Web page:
The basic principles of operation are substantially similar to those of other lever locks, although there are several unusual features. In the neutral (zero degree), locked position the levers are held in their lowest position by a common leaf spring that presses against the plug (to the right of the keyway at the base of the levers). (The spring above the lever pack presses against the levers as the plug rotates). See Figures 9 and 10.
As the plug rotates (with or without a key), the fence (attached directly to the lock bolt) is drawn toward the lever pack. At about 70 degrees of clockwise rotation, the key is in full contact with the lever bellies and the lever pack reaches its keyed position. By 80 degrees. the bolt begins to retract and the fence makes contact with the lever gates. This is the maximum rotation possible with an incorrectly keyed (or unkeyed) lock. See Figures 11 and 12.
If the correct key is inserted, the plug can rotate beyond 80 degrees; at about 100 degrees, the fence is fully through the gates and the bolt is fully retracted. (The key can rotate up to a maximum of about 120 degrees). Observe that the design is key retaining; the key cannot be removed except in the neutral, locked, position. See Figures 13 and 14.
These locks incorporate several unusual features that contribute to their security and reliability. First, observe that, unlike most lever locks, there are two common springs shared by all levers (rather than individual springs associated with each tumbler). This reduces the feedback available to the lock picker, since it is difficult to use the spring pressure to determine the position of any individual lever or to reset individual levers as they are being manipulated. (A similar shared-spring design is used for the sliding tumblers in Bramah locks.) The common spring also serves simplicity and ruggedness. The shared leaf springs are considerably larger and more robust than smaller per-lever springs would be, leaving fewer small components to fail or jam. The patent on this arrangement was filed in 1966 (US patent number 3,402,581). (The patent also mentions other features that do not appear to be incorporated into recent versions of the locks, including levers with different centers of rotation and an electrical contact that triggers an alarm when any lever is raised).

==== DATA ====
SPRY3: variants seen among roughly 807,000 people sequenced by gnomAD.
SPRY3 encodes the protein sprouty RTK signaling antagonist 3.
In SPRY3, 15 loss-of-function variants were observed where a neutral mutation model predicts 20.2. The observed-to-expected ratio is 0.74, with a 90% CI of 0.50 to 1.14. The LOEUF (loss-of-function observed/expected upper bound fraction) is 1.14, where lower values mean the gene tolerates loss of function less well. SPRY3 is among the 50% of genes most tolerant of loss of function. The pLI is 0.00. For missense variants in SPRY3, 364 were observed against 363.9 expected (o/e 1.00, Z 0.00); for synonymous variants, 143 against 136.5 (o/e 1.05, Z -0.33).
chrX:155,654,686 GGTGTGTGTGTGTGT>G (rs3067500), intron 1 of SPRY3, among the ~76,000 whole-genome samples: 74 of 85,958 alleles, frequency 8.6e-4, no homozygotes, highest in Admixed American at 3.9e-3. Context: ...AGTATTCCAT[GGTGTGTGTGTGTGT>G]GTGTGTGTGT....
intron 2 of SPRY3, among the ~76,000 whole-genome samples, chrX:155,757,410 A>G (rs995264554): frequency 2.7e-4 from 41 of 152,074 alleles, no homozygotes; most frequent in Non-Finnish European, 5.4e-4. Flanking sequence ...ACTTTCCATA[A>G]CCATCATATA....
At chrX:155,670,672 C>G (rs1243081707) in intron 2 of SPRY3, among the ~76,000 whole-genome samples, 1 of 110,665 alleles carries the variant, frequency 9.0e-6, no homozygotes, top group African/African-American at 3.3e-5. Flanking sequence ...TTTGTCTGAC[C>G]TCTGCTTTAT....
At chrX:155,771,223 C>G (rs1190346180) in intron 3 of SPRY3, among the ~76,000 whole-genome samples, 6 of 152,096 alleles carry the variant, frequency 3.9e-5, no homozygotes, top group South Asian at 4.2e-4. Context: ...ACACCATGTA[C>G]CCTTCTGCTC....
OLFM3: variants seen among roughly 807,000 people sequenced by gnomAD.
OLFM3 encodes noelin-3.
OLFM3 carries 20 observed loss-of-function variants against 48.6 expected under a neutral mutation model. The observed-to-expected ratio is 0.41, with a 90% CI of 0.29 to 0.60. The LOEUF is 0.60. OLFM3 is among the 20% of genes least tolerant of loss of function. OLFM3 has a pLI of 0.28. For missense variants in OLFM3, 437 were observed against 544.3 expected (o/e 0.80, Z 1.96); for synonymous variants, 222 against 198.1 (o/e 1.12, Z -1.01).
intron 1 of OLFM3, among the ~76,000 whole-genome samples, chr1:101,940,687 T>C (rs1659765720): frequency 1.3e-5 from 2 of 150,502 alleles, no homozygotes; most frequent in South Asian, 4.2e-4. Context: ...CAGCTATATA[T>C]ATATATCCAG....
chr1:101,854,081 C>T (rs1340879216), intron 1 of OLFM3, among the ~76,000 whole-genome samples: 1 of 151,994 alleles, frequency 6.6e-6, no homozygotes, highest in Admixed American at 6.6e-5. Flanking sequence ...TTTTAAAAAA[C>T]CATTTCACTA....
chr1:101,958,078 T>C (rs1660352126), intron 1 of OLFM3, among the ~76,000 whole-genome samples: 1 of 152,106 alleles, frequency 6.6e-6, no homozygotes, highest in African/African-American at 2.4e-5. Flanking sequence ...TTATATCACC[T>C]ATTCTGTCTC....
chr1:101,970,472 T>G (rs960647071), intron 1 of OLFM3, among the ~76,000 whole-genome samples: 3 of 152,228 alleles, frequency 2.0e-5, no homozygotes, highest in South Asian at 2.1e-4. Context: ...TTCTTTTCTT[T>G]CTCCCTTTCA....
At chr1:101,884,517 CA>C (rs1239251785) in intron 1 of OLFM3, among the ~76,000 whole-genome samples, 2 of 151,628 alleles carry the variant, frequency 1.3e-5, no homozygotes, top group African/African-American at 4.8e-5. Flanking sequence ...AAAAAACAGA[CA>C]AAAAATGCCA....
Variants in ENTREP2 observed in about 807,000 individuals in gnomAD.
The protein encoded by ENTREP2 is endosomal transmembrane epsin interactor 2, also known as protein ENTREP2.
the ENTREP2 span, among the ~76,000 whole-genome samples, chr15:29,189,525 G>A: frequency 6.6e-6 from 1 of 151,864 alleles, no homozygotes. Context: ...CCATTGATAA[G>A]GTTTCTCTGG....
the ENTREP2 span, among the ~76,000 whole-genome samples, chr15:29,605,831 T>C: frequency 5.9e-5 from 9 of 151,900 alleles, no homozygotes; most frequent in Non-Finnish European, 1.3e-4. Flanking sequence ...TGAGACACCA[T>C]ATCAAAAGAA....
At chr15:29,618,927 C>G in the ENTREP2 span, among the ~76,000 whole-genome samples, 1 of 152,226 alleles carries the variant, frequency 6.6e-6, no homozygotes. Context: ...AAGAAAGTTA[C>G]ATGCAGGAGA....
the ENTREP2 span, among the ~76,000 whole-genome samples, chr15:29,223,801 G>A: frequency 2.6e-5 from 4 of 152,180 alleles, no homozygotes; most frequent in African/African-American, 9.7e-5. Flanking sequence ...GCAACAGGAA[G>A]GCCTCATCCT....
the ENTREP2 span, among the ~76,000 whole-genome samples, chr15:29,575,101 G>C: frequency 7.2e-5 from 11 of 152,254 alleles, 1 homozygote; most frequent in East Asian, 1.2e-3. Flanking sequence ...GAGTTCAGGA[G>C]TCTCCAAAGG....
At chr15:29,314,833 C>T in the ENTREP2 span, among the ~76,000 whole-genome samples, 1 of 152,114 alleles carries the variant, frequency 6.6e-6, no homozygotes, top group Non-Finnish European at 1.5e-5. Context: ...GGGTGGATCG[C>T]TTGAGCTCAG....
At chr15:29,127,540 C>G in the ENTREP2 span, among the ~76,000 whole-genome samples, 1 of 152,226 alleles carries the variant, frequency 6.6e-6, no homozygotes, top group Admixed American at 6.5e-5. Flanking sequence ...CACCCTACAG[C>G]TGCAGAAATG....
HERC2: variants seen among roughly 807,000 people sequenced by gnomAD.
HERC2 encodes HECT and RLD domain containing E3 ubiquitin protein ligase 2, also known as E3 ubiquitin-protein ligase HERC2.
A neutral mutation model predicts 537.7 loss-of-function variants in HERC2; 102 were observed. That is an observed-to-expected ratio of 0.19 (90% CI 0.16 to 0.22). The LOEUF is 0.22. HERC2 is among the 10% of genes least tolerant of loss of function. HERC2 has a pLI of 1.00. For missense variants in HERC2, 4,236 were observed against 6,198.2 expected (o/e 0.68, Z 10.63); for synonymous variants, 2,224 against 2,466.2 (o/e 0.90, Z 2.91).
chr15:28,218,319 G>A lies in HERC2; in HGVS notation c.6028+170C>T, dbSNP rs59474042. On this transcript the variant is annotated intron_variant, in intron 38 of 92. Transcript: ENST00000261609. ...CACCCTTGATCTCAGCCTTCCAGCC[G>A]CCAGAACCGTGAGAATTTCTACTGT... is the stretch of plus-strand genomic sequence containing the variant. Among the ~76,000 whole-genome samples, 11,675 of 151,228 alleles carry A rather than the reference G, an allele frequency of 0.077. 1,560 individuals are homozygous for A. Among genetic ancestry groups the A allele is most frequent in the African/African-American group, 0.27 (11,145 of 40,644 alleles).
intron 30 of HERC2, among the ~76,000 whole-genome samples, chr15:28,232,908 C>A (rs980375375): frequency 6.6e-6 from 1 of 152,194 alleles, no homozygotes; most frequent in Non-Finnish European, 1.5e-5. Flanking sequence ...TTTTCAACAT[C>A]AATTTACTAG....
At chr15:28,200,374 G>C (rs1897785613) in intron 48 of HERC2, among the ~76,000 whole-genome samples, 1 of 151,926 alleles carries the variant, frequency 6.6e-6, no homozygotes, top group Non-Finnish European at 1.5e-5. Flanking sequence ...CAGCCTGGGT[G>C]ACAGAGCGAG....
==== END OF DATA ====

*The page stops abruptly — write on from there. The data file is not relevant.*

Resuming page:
29B (but not 30C) locks include fixed vertical wards in place of two of the lever positions. One of these wards requires a deep cut in the key in order for it to be able to turn (easily identified in the 29B key in Figure 3, above).
The most unusual feature of these locks, however, is the serrated spring-loaded "tumbler lock" visible in the upper left corner of the cutaways above. (This feature is included in most 30C locks but does not appear to be present in 29B locks.) Although resembling a ratchet, that is not its function (and, indeed, it is not actually a ratchet, since it does not permit further movement in any direction once engaged). Instead, the tumbler lock effectively fixes the levers in place once they have reached their keyed heights but before the fence makes contact with the gates.
When the bolt is fully retracted and as the key bitting raises the levers, the spring-loaded serrated tumbler lock is pulled back from the levers and does not interfere with their movement. See Figures 15 and 16.
Once the levers reach their keyed height and the bolt begins to retract (but before the fence actually makes contact with the gates), the tumbler lock releases and fixes the levers into position, with very little upward or downward play possible. Observe that this makes it effectively impossible to pick or impression the lock using conventional techniques that depend on friction from the fence against the gates. The "binding" of each lever tumbler is always the same, whether its gate is at the correct height or not. A second benefit of this mechanism appears to be reliability: the tumbler lock "corrects" each lever to its nearest discrete bitting height, and so locks continue to operate smoothly even as the keys or levers wear. See Figures 17 and 18.